The upcoming European sanctions on Russian oil… may turn against it!

The upcoming European sanctions on Russian oil… may turn against it!
The upcoming European sanctions on Russian oil… may turn against it!

The campaign of Western countries to defund the Kremlin and force President Vladimir Putin to abandon his war in Ukraine has reached a sensitive stage, according to a report prepared by Bloomberg Agency, which was seen by Al

From February 5, the European Union will join the United Kingdom and the United States in banning seaborne imports of Russian diesel and other oil products.

This measure is coupled with a price cap on Russian fuel exports, which is designed to blow a huge hole in Moscow’s energy revenues.

On the flip side, if European buyers cannot find alternative supplies, sanctions risk adding new costs to diesel-dependent industries such as agriculture and road transport and making it harder for governments to rein in inflation.

In light of this scenario, 6 questions arise to try to understand the full picture of the sanctions and their impact on both Russia and the West.

1. Isn’t Russian oil already subject to European sanctions?

Western sanctions so far apply to unrefined crude oil, which is subject to the European embargo and the $60-per-barrel cap imposed on entities still buying from Russia.

But the new sanctions will affect Russian refined fuel transported by sea, according to Bloomberg.

The country is also a major exporter of naphtha — which can be used to make gasoline and plastics — and fuel oil, which is often used in power generation and shipping.

It also ships jet fuel, vacuum gas oil and other petroleum products.

Altogether, Russia accounted for 9.3% of global oil product shipments by volume in 2022, about 0.5 percentage point more than its share of the crude oil market, so the recent EU sanctions are just as important.

2. How will the price cap work?

In the same way as countries like the G7 and the European Union impose caps on crude oil, anyone who pays more than the cap for products shipped from Russia will not be able to get insurance and financing from the main participating countries.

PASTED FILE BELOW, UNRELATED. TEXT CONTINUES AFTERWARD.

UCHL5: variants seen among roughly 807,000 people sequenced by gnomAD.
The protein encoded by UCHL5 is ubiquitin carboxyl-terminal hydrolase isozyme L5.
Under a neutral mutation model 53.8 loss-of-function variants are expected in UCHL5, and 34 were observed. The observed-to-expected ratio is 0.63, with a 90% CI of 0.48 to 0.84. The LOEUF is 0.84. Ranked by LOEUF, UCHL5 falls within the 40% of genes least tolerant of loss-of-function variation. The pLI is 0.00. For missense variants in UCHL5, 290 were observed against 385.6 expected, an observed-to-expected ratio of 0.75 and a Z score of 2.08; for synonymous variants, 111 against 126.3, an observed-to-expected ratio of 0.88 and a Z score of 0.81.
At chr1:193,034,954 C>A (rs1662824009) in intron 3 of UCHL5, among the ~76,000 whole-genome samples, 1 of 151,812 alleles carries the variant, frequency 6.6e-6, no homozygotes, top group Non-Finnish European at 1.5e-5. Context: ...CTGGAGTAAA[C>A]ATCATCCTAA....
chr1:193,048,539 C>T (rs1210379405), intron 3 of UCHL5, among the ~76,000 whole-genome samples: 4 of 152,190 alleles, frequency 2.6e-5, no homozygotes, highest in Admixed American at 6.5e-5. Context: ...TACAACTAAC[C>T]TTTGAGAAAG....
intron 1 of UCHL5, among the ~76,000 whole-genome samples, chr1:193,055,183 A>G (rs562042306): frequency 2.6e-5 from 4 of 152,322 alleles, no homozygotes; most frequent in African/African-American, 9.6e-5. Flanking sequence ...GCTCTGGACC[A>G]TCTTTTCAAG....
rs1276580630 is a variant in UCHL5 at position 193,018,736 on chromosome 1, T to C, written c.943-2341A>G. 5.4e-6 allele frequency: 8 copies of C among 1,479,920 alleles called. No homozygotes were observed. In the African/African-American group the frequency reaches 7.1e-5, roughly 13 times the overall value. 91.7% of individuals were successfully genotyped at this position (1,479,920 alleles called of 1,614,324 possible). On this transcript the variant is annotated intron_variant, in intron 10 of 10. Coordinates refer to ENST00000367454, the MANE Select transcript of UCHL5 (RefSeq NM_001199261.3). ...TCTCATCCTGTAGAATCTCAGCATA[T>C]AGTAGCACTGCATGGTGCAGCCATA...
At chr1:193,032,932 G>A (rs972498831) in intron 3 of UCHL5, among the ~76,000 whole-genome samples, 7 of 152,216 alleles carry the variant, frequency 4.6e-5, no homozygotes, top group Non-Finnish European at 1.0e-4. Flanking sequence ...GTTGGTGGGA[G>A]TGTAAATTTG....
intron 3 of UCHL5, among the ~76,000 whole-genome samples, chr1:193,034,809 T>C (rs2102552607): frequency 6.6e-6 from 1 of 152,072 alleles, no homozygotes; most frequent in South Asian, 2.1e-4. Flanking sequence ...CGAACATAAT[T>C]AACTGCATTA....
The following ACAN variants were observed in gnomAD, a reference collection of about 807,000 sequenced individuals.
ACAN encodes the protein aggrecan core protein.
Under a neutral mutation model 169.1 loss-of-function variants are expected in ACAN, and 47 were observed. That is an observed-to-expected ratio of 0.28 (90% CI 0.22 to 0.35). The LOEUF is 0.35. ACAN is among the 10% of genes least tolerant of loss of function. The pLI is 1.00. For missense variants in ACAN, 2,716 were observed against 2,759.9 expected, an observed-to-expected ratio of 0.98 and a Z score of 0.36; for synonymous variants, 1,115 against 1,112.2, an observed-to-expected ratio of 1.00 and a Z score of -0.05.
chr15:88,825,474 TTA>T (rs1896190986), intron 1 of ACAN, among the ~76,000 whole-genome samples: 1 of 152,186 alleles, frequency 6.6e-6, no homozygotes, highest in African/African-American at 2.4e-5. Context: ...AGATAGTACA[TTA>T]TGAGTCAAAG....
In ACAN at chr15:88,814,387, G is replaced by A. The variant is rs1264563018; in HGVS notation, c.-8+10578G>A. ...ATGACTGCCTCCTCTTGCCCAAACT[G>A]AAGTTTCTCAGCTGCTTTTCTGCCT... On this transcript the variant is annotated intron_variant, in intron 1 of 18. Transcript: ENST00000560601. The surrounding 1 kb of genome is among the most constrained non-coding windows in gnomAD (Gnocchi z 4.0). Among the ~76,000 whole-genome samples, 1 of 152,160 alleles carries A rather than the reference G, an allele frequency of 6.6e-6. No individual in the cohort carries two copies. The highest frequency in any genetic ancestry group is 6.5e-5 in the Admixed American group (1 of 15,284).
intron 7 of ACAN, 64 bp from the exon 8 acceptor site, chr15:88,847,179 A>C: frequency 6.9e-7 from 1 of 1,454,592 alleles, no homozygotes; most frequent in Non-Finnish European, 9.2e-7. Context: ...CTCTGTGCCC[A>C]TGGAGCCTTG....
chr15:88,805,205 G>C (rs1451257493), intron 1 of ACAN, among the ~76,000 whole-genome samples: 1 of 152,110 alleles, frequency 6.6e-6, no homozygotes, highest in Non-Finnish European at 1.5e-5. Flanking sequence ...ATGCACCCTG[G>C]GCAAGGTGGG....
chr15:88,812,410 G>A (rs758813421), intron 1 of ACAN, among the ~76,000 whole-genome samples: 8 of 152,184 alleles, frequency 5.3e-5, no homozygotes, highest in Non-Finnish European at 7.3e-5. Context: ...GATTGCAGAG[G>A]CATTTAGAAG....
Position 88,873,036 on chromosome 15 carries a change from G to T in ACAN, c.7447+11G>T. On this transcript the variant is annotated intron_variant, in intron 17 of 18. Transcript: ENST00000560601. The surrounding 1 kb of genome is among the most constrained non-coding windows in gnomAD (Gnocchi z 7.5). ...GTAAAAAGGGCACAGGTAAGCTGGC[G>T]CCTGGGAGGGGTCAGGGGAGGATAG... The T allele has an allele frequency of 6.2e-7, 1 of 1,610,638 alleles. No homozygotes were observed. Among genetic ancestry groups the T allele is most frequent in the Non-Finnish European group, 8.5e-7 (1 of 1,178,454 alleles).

This is a major problem, given that more than 95% of the world’s sea carriers are insured via London.

The idea is that, even if buyers in Africa and elsewhere are willing to buy Russian diesel at a price above the cap, the bulk of the world’s tankers will not be able to ship it there.

The prices of petroleum products vary, and the Group of Seven Industrialized Countries (G7) aims to set two maximum prices, with levels not yet determined.

It is possible that some of the Russian fuel will be shipped at unspecified rates via a “shadow” tanker fleet that does not depend on Western services.


3. How will buyers in the European Union replace Russian fuel?

One of the toughest challenges will be replacing the diesel products that power cars, trucks, agricultural machinery, ships, and manufacturing and construction equipment.


It is reported that about 220 million barrels were shipped to the European Union from Russian ports in 2022, which is enough to fill about 14,000 Olympic-sized swimming pools.

Suppliers in the Middle East are an obvious alternative, and India and the US could also help bridge the gap.

4. Are alternative solutions sufficient?

Part of that depends on whether companies in China use increased export quotas to make more oil products available to the global market, as that should free up extra barrels to ship to the EU.

A higher share does not necessarily mean that all potential exports will occur, especially as the Chinese economy opens up again after Beijing abandoned its strict “zero Covid” policy.

Another danger is related to the extent to which Russia can continue to export diesel.

And if that happens, the destination of global trade flows will be fundamentally changed, while there will still be the same amount of Russian fuel in the world, which will only be shipped to different places.

However, if Russia cannot find enough buyers and is eventually forced to cut production, it could drain global availability.

The French oil sector strikes further complicate the picture, given the possibility of refinery disruptions that could reduce EU production.

5. What is the ideal outcome for the European Union?

European Union leaders hope the new sanctions will affect Russia’s finances without causing an energy supply shock that disrupts key industries and makes it difficult for governments to control inflation.

If the price ceiling is too low, Russian companies may refuse to sell, or work hard to find ways around it.

If it was too high, they would have just experienced the inconvenience of having to find new buyers. Potential customers for Russian fuel as an alternative include Turkey as well as countries in Africa and Latin America.

6. Could there be unintended consequences?

Some countries could be in for a windfall if they mainly buy Russian diesel at a discount to cover their domestic requirements and sell the fuel from their refineries to buyers in the EU at a much higher price.

Nor is there much to prevent non-EU buyers like India from buying Russian crude, processing it at their own refineries to produce fuel, and then legitimately selling those barrels to EU buyers.

Traders willing to flout the rules entirely could ship Russian fuel into one country, mix it with another fuel (or just rename it) and send it back to the EU, in which case it can be very difficult to prove the true origin of such shipments.



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